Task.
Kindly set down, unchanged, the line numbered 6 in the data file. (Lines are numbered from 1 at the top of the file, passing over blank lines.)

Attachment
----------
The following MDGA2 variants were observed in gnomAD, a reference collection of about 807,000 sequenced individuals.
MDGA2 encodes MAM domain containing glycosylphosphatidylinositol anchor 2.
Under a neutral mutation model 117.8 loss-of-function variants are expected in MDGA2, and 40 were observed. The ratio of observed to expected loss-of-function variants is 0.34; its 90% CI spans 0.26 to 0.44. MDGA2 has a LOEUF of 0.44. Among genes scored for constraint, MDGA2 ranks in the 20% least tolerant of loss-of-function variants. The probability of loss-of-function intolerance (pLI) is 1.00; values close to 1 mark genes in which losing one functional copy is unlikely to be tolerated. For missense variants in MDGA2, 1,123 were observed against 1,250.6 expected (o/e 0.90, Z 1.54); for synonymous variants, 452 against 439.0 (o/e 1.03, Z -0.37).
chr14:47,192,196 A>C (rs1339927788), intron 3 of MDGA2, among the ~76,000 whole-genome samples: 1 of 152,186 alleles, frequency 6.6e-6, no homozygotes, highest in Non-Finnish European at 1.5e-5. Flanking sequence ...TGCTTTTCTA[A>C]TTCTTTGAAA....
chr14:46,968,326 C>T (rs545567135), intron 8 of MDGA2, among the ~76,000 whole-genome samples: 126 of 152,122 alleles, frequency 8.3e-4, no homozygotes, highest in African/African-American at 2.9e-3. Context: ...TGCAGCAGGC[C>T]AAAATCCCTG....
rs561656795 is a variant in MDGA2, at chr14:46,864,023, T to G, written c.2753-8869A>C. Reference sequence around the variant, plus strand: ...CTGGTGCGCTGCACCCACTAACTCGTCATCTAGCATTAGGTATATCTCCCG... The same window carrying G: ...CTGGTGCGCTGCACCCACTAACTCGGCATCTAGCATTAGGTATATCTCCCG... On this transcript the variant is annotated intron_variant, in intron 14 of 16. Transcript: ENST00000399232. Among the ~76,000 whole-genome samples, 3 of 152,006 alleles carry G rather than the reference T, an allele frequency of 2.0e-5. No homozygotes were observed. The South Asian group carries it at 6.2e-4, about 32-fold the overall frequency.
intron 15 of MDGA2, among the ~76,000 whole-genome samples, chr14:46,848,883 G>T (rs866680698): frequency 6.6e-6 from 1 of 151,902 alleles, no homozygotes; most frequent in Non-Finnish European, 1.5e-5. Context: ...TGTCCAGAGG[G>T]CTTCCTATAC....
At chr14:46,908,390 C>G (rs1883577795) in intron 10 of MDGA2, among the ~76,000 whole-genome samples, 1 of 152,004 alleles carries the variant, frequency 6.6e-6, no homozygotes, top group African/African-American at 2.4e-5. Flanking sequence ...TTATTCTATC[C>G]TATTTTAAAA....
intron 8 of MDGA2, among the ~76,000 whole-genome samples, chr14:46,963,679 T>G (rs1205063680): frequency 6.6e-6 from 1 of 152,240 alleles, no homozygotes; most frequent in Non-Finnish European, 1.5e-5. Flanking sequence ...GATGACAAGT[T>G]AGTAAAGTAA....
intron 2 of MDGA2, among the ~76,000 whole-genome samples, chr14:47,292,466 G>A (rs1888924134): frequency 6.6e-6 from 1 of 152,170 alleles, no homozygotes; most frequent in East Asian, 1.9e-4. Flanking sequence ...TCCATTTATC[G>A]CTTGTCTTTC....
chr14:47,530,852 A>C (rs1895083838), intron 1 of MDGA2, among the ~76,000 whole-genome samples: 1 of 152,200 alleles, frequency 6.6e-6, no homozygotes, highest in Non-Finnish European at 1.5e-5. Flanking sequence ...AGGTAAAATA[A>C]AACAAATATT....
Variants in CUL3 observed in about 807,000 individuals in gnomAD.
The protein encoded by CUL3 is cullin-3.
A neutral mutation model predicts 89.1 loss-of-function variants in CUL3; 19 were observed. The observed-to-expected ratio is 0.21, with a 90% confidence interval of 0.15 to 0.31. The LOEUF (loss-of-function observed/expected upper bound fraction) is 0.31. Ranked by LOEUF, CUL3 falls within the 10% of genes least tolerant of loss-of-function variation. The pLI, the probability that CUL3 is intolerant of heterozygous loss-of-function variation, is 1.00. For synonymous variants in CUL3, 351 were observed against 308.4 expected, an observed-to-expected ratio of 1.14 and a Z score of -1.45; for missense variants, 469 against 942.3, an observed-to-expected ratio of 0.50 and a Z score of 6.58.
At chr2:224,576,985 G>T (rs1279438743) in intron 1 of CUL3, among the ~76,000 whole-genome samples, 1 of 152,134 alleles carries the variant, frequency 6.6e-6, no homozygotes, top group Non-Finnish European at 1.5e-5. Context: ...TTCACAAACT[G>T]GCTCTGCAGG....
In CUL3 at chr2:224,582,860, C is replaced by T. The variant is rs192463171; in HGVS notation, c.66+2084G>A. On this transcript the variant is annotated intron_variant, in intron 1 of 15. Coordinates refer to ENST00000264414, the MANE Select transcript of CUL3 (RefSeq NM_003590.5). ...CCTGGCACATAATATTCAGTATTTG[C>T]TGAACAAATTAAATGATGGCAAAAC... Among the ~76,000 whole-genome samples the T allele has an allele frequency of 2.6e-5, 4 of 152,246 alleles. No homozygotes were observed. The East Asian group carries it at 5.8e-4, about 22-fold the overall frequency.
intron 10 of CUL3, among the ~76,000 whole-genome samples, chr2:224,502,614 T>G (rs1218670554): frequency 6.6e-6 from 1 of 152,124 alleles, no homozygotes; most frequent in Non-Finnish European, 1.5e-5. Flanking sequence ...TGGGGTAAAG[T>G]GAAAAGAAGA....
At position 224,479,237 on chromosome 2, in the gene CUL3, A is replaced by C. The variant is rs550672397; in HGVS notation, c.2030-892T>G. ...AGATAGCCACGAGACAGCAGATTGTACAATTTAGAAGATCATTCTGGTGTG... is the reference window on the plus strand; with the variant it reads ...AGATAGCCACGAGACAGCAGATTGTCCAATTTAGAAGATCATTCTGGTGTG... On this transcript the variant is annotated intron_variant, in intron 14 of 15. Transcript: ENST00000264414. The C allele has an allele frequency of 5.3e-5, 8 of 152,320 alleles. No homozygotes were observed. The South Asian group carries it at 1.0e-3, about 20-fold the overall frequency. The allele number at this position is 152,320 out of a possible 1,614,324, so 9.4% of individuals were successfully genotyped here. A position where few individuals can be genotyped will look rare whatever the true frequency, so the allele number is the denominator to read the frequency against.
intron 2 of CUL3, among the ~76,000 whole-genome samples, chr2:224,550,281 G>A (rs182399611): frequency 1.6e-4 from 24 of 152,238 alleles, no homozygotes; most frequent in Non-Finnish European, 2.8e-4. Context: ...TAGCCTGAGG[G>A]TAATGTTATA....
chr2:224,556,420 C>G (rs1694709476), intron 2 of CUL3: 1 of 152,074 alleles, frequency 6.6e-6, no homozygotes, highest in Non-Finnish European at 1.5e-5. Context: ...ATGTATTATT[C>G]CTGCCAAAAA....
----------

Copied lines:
rs561656795 is a variant in MDGA2, at chr14:46,864,023, T to G, written c.2753-8869A>C. Reference sequence around the variant, plus strand: ...CTGGTGCGCTGCACCCACTAACTCGTCATCTAGCATTAGGTATATCTCCCG... The same window carrying G: ...CTGGTGCGCTGCACCCACTAACTCGGCATCTAGCATTAGGTATATCTCCCG... On this transcript the variant is annotated intron_variant, in intron 14 of 16. Transcript: ENST00000399232. Among the ~76,000 whole-genome samples, 3 of 152,006 alleles carry G rather than the reference T, an allele frequency of 2.0e-5. No homozygotes were observed. The South Asian group carries it at 6.2e-4, about 32-fold the overall frequency.